How To Turn Adversity Into Purpose Through Mindset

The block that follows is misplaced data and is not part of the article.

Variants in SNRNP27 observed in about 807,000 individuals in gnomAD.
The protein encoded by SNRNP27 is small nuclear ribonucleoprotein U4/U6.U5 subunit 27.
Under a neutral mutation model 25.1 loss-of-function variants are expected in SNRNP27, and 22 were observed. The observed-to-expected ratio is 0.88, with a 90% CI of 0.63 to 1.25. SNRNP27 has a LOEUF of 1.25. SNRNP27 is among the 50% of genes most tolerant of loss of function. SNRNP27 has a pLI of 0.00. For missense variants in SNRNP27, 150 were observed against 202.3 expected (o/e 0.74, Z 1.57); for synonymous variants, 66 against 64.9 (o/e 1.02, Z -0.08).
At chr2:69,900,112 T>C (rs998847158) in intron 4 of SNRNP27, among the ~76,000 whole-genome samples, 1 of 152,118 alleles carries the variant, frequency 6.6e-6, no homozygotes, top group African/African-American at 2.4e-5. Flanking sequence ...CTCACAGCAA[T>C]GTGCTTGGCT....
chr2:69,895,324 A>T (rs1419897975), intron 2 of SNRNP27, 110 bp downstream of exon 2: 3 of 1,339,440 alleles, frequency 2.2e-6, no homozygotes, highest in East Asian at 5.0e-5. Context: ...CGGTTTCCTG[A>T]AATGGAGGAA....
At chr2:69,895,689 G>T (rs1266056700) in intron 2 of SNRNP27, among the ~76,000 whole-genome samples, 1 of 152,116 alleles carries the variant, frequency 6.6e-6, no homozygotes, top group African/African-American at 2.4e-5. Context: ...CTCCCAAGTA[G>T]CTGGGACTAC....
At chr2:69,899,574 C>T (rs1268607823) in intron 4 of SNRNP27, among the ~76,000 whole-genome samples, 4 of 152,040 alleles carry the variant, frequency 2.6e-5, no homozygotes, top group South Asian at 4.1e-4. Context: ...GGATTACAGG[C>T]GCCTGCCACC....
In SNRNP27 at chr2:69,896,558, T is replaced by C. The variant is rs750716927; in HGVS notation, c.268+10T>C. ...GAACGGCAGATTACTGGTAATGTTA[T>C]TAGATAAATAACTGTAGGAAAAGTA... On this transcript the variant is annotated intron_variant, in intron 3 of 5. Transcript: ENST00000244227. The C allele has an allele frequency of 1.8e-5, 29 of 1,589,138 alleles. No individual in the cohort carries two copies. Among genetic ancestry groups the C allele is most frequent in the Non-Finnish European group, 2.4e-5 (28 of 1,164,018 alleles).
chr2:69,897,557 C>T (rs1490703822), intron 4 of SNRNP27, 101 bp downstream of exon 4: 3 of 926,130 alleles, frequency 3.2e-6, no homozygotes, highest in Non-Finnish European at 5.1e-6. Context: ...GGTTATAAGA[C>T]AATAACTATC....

How To Turn Adversity Into Purpose Through Mindset written by John Jantsch read more at Duct Tape Marketing Marketing Podcast with Siri Lindley In this episode of the Duct Tape Marketing Podcast, I interview Siri Lindley. She is a two-time world champion triathlete and winner of twelve ITU World Cup races. She’s the top female triathlon coach in the world, she’s guided Olympic medalists and Ironman champions to not only become better athletes […] Rewiring Organizations For A Successful Digital Transformation written by John Jantsch read more at Duct Tape Marketing Marketing Podcast with Rodney Zemmel In this episode of the Duct Tape Marketing Podcast, I interview Rodney Zemmel. He is co-leader of the McKinsey Digital Practice,  a senior partner based in New York, and a member of McKinsey’s Shareholders Council, the firm’s board of directors. He serves clients across a range of industries on growth strategy, performance improvement, and value creation by harnessing the power of data and analytics, digital culture and capabilities, and modernized core technology. He is the co-author of Rewired: the McKinsey’s Guide to Outcompeting in the Age of Digital and AI. This book shares the lessons McKinsey has learned helping companies deliver successful digital and AI transformations into a detailed “how to” manual.  Key Takeaway: Digital transformation requires organizations to rewire their processes and operations, leveraging new technologies to achieve value. It’s important that organizations take ownership of their digital transformation as an ongoing journey and actively learn to implement changes in order to keep improving. Rodney highlights the significance of selecting the right areas for transformation that can deliver a differentiating value, plus the importance of upskilling and reskilling existing talent within digital changes. Questions I ask Rodney Zemmel: [01:48] How much collaboration or maybe fighting goes on to structure a book like the McKinsey guide, that’s effectively going to represent the brand itself? [03:20] Do you see this book as something you can take to a client and say we’re going to walk each of the sections here? [04:28] Why is the title of the book “Rewired”? [08:56] How does somebody start addressing what is essentially a line-by-line audit of everything they’re doing? [12:22] Would you look at the value derived by digital technologies differently than by producing customer value or revenue? [14:23] Are you advising companies that they might need to get different people or new people on these digital changes? [16:32] Are there organizations that are significantly behind in this rewiring? [17:50] Is there a correlation between leadership inside of an industry by how digital it is? [19:02] Are you seeing people wasting a lot of time and money on AI because it’s the trendy thing of the moment? [20:07] How crippling is any of this without access to data inside an organization? More About Rodney Zemmel: More about Rewired: the McKinsey’s Guide to Outcompeting in the Age of Digital and AI Get in contact with Rodney More About The Agency Certification Intensive Training: Learn more about the Agency Certification Intensive Training here Take The Marketing Assessment: Like this show? Click on over and give us a review on iTunes, please! Duct Tape Transcript Email Download New Tab John Jantsch (00:00): Hey, did you know that HubSpot’s annual inbound conference is coming up? That’s right. It’ll be in Boston from September 5th through the 8th. Every year inbound brings together leaders across business, sales, marketing, customer success, operations, and more. You’ll be able to discover all the latest must know trends and tactics that you can actually put into place to scale your business in a sustainable way. You can learn from industry experts and be inspired by incredible spotlight talent. This year. The likes of Reese Witherspoon, Derek Jeter, Guy Raz are all going to make appearances. Visit and get your ticket today. You won’t be sorry. This programming is guaranteed to inspire and recharge. That’s right. Go to to get your ticket today. (01:03): Hello and welcome to another episode of the Duct Tape Marketing Podcast. This is John Jantsch. My guest today is Rodney Zemmel. He’s a co-leader of the McKinsey Digital Practice, a senior partner based in New York, and a member of McKinsey’s Shareholders Council. The firm’s board of directors serves clients across a range of industries on growth strategy, performance improvement, and value creation by harnessing the power of data and analytics, digital culture and capabilities, and modernizing core technology. We’re gonna talk about a book that he co-authored called Rewired: The McKinsey’s Guide to Out Competing in the Age of Digital and AI. So Rodney, welcome to the show. Rodney Zemmel (01:46): Thanks for having me on, John, it’s a pleasure to be here. John Jantsch (01:48): So I have to ask as an author also, but as an author who basically has only an editor to answer to, I’m wondering how, how writing a McKinsey guide like so a, a tool that’s effectively going to represent the brand and be put out there as the tool that everybody uses. How much collaboration or maybe fighting goes on to structure a book like that? Rodney Zemmel (02:11): Your podcast is only 20 minutes, right? ? So it’s actually, I think this is the first book that we’ve ever put the words McKinsey Guide on. Okay. So this was a very conscious step on our part. Yeah. And the model we had in mind, there’s a book called Valuation, which our, our firm has had an updated every year for the past 20 years or more. And that really is like the guide for corporate finance executives on how to value a company. And it’s sort of become like a standard business school textbook. Yeah. There’s no equivalent in the world of digital. And there’s a bit of a sense that digital was a bit sort of the wild west in terms of, oh, it’s all about agile and people improvise the method and you can’t measure things as well. And you know, you’ve gotta try it and see, and we don’t believe that, right? We believe there is a systematic method that has proven to get results. That’s what we tried to create. And the three of us who did this together, myself, Kate, and Eric, we actually worked together and different clients around the world all the time. So we had a lot of fun on it. So, you know, there was maybe, you know, debates around the best way to say something or whose data and whose examples to use, but there wasn’t much, uh, sort of real, you know, real, real tension and putting it together. John Jantsch (03:19): So, so is this the, you know, junior consultant at McKinsey’s, you know, book to take into a client and say, this is, you know, we’re gonna walk work through, you know, each of the sections here. Obviously everybody’s different, but I mean, is that how you see it? Rodney Zemmel (03:32): I actually think this is the client’s book to read, right? And for them to like understand how to do things themselves in their own organizations, and of course by all means, call us if there’s a need to help. But, you know, we actually do think there’s a better way to do this. And you know, we know the fact that only 30% of digital transformations are hitting the value that they’re intended to hit. And we wanna see the world do better. And frankly, we we’re, we’re far enough down the learning curve here that I know we’re putting sort of a lot of intellectual property out in the world through publishing this book and, you know, anybody that can have it and therefore, you know, do you, do you need to call us or not? We’re confident that this is about sort of a learning journey for clients and people who are further down the learning curve are always gonna want to get better and better. So I feel like we’ve sort of published the, you know, the 2.0 version here and there’s always gonna be a 3.0 and a 4.0 that people will need help on. John Jantsch (04:25): So why rewired? I mean, I think a lot of people would say, well, you know, for the last 20 years I guess since we came on the internet, we’ve been wired, right? I, again, I’m tossing that up for you to smack it outta the park, but, but I think that, you know, a lot of people would think, why are we having to rewire what’s different? Rodney Zemmel (04:44): Great John Jantsch (04:44): Question. Is it just an evolution? Rodney Zemmel (04:46): No. So I look, I I’ll give you an example, uh, the answer to that using like generative AI, which is like the hottest conversation topic in the world right now, right? Generative AI is the coolest thing and it’s deceptively easy to go pilot and go trying your business, you know, in the marketing function, in customer engagement and go do a cool pilot and get things up and running. However, it’s really hard to get it working at enterprise scale and get real measurable value from it, right? So if you wanna write somebody a birthday poem or if you want to on a one-off basis send some cool customized things to a customer, it’s easy to do. If you want to build a system where you can send tens of thousands of customized things to customers every day in a way that is safe, in a way that really reflects the personalization preferences of that customer in a way that doesn’t let bias creep in a way that has measurable economic impact, then it’s not enough just to go launch a piece of technology. You actually need to rewire your commercial function around that technology. So there’s this idea that it’s not about like, you know, sticking a coat of paint on it that you actually do need to go and fundamentally rewire the house to take advantage of these technologies. John Jantsch (05:58): A and do you get the sense that all over, you know, companies in, in all over the world that there are little pockets of people just doing this on their own and that’s that there’s a real danger in what you of not sort of institutionalizing, you know, whatever methods you take. Rodney Zemmel (06:12): Absolutely. So, you know, when we did our interviews with companies, so what we tried to do is say, look who’s creating value from digital transformation? And you know, there’s about a quarter of companies who we think are really hitting their economic targets between 25 and 30%, depending on the kind of transformation. And we did interviews with them and then we did interviews with the ones who were missing and then with some who were somewhere in between. And one of the most common things we heard, like one of the most common failure modes was I’ve got more pilots than an aircraft carrier , right? So, you know, a CEO or a chief marketing officer says, you know, we’re going big on personalization, we’re going big on digital customer engagement and next thing you know, it’s everywhere. But there isn’t actually a top down roadmap of how to do it with real milestones and metrics and uh, around it. (07:01): And a real fundamental change in the operating model. If you’ll let me actually, sorry, this maybe a longer answer than you’re looking for, but there’s a beautiful example in the banking industry. Um, so if you use any banking app, right, the customer banking apps, the private banking apps, whatever, every bank’s app is basically the same, right? Some are designed a little bit better than others, but they all have the same functionality. So we were at a round table with consumer banking CEOs and a few of them said, you know, digital is table stakes. It’s something we have to invest in, but it’s not, uh, competitively differentiating. We said, we don’t think that’s true, let’s actually go look at the data. And what we did was we got the data on actually how they were doing digital. We looked outside in and did some interviews at the work practices across the different banks, and then we looked at their economics and we saw that actually again, it was about the same ratio. (07:47): About 25% of them were actually making money. Were showing positive return on equity, were showing positive growth per, in value per customer through their digital initiatives. You could not tell that if you just looked at the customer apps, right? They were the same mm-hmm. , you could tell that if you started asking questions like, how does business and technology work together in your organization, right? Do you really have a proper agile operating model? Right? Do you have a single set of digital priorities across the company? Do you have a, a clear technology architecture with the specific set of features to it? Do you have, so when you went through and it sort of wasn’t just, you know, the front of house, but that actually rewired all the way from front to back, those were the ones who were making money from it. John Jantsch (08:32): Yeah. It’s kinda like the apps were just an interface and really nothing more . Rodney Zemmel (08:36): Yeah, yeah. And the necessary, right, but not sufficient. John Jantsch (08:39): Yeah, they were, they, they replaced tellers though is how they looked at it. So, so the book is broken up into sections. The first one really is the transformation roadmap. So I mean, how are you advising people? Because just what you explained was a transformation of how somebody would look at their entire business. So what, you know, how does somebody start addressing, you know, what is essentially, you know, a line by line audit of everything they’re doing? Rodney Zemmel (09:04): Yeah. So I don’t think it shouldn’t feel like an audit, right? So I will, I’ll use generative AI as an example again, right? So I was with a company a couple of weeks ago who said they’ve got 75 different pilots going across their organization on Gen AI. And their question for us was how should they organize and govern those and prioritize them and resource them and so on. And you know, answer to that a little bit qui is don’t do that, right? It’s just right. If you’re doing 75 things in this new and fast moving area, you’re not gonna be able to do them well. What you actually need to do is to step back and say, where is the value really going to be in changing your business? And yes, there are easy things to do with gen ai, maybe in HR around recruitment or maybe in finance with, you know, being able to pull from different feeds across your finance systems and so on. (09:53): But is that really gonna drive differentiating value for your business? Is that something you should spend time on? Or is that something that all the various software companies you work with, they’re gonna go innovate within their own product? Instead, pick the area that’s unique to you and that can really drive value. Don’t pick tons of areas, pick one area. It has to be an area that’s big enough to matter. And our rule of thumb is 20% of ebitda, it’s not gonna drive a 20% EBITDA improvement in a particular area. It’s not gonna be big enough to sustain people’s attention. So pick an area unlike that and then develop the real plan around that. And it’s never gonna be one use case, right? A while ago, five years ago, there was this idea of like the silver bullet use case, right? If only we could do amazing, you know, supply chain forecasting, right? We wouldn’t get caught out in the chip shortages or whatever it is, but it’s multiple use cases that need to sort of feed together Our, our data actually says it’s 11 companies who had 11 use cases within a particular domain or adjacent domains were the ones who were more likely to sort of cut through into being in that quadrant that’s creating value. John Jantsch (10:58): And now let’s hear a word from our sponsor, Marketing Made Simple. It’s a podcast hosted by Dr. JJ Peterson and is brought to you by the HubSpot Podcast Network. The audio destination for business professionals marketing made simple brings you practical tips to make your marketing easy and more importantly make it work. And in a recent episode, JJ and April chat with StoryBrand certified guides and agency owners about how to use ChatGPT for marketing purposes. We all know how important that is today. Listen to marketing made simple. Wherever you get your podcasts. (11:34): Hey marketing agency owners, you know, I can teach you the key to doubling your business in just 90 days or your money back. Sound interesting. All you have to do is license our three-step process that’s gonna allow you to make your competitors irrelevant, charge a premium for your services and scale perhaps without adding overhead. And here’s the best part. You can license this entire system for your agency by simply participating in an upcoming agency certification intensive look, why create the wheel? Use a set of tools that took us over 20 years to create. And you can have ’em today, check it out at DTM world slash certification. That’s DTM world slash certification. (12:22): So, so let’s talk about value then for a minute. Because some of the AI, for example, or some of the tech technology, digital technology, maybe it doesn’t deliver customer value, it actually delivers convenience or efficiency inside the organization. So